DOCTOR WHO SAT ON PATIENT CLEARED
The plight of a doctor brought before the Medical Board of Australia for sitting on top of a boy during a consultation is being used to educate health practitioners.
Last week AHPRA announced that it would start publishing selected summaries of medical board panel hearings into alleged misconduct.
Only summaries of “educational and clinical value” are being made accessible online and the names of health practitioners involved will be removed.
So far, 16 summaries have appeared on the AHPRA site covering issues such as inappropriate care and “boundary violations”.
They include the case of a doctor who saw a boy “about a problem of oppositional behaviour”.
In March last year, the panel heard that the doctor reacted when the patient, who was accompanied by his mother, “raised his leg towards the doctor”. Believing the boy was attempting to kick him and hit him with a fist, the doctor pulled the child down to the floor and sat on him.
The boy’s father then made a formal complaint. The next day the child complained of “discomfort while breathing” and was diagnosed with “bruised ribs” by a GP.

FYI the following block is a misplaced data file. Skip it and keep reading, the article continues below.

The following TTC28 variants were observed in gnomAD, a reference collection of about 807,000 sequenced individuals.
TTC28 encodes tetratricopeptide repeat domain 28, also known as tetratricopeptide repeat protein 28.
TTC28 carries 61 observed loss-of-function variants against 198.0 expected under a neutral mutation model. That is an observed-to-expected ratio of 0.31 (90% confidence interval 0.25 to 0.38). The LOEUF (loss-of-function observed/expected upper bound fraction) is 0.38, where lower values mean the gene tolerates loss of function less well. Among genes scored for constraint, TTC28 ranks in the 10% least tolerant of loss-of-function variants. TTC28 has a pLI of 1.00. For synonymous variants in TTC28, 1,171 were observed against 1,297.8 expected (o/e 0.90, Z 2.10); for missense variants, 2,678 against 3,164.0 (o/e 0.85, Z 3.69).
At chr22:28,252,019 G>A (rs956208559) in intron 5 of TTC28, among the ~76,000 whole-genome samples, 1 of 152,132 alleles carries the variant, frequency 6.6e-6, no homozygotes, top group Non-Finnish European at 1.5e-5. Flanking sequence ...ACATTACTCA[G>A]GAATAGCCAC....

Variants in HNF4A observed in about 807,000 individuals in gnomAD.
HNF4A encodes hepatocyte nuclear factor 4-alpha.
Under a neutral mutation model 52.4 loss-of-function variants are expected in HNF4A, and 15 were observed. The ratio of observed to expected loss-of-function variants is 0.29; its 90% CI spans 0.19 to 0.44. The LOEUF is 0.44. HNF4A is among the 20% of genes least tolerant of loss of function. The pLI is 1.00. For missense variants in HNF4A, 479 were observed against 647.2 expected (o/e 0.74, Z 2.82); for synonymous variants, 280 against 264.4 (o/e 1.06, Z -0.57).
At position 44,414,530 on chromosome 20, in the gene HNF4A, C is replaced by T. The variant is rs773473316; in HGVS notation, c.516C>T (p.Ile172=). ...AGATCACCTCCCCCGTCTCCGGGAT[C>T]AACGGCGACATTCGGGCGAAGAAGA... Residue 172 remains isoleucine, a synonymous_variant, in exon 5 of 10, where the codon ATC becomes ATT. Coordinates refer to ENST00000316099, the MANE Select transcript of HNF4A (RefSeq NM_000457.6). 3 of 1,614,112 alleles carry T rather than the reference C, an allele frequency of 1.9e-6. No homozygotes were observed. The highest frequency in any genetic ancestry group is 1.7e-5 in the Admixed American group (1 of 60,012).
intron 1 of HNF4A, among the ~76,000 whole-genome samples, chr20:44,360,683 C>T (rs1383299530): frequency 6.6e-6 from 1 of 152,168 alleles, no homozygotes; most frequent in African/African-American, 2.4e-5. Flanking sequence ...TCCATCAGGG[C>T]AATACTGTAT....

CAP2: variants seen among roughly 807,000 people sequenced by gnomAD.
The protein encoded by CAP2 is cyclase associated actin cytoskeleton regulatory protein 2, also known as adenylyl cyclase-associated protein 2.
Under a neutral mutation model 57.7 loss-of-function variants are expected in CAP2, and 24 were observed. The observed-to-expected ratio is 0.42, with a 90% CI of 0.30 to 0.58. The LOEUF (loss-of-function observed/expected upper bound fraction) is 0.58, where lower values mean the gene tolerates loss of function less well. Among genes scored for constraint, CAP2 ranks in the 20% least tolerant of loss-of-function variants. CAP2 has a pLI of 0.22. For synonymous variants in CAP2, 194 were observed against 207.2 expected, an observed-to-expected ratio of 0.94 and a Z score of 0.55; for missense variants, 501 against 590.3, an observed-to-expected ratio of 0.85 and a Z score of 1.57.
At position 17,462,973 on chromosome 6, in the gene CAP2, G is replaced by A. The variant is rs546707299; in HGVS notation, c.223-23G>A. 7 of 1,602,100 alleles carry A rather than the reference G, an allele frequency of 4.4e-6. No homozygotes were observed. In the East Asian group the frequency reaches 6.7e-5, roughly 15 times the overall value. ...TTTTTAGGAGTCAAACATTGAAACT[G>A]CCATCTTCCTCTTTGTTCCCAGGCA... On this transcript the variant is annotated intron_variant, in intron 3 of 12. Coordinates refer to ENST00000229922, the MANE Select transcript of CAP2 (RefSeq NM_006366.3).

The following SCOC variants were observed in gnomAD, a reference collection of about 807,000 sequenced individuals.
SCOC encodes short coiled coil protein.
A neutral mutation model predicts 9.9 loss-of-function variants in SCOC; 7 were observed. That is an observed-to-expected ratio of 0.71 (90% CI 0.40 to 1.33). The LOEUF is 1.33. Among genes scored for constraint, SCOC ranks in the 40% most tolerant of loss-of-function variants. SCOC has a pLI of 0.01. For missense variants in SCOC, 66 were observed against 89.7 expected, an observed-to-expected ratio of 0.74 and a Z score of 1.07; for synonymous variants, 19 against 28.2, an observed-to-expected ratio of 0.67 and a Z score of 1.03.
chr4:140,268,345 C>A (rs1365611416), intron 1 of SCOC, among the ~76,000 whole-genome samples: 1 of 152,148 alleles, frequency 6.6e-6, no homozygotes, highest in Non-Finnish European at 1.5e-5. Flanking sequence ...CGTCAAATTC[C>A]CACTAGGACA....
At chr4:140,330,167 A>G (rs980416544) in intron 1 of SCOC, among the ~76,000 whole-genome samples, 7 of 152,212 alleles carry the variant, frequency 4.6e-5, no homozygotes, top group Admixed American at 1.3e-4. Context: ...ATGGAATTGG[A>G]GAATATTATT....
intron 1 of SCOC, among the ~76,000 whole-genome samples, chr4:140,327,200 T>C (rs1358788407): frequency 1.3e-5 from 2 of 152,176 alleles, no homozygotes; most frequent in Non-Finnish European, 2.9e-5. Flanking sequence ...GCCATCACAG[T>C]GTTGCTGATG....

But the medical board panel concluded the doctor involved had no case to answer, saying the boy’s injury was not major and the little force used was “reasonably necessary”.
“His actions were reasonable in the context of his concern for his physical wellbeing and it was reasonable for the practitioner to contain the situation and then ask the parent of the patient for consent,” the board concluded.
“When the parent did not consent to the action taken, the practitioner released the child.”
MY COMMENT 10/04/2013 Medical Observer
drjgelb to Dr John Drinkwater • 4 minutes ago −
When I did my 6 month training rotation to the now defunct Larundel Hospital in Bundoora, Victoria in 1985, it was brought to my attention by a male psychiatric RN that no formal acute threat management training was provided on campus & that patient on staff assaults were common. The nurse was a martial artist who had been involved in staff training in threat containment overseas & after generously teaching me the basic principles & a few easily applied techniques that involved almost zero risk to patients or staff, I asked if he would conduct a couple of sessions to teach my fellow registrars & the acute admissions nursing staff. Everyone who could squeeze into the conference room did so & came away from the sessions far more confident in handling dangerous or assaultive patients. Seeing the various scenarios demonstrated “live” & practising under the instructor’s gaze, was considered by all of us to be critical to the learning of these techniques. Inclusion of instruction in specialised handling of these situations could be a valuable addition to the Medical School curriculum. What do readers think?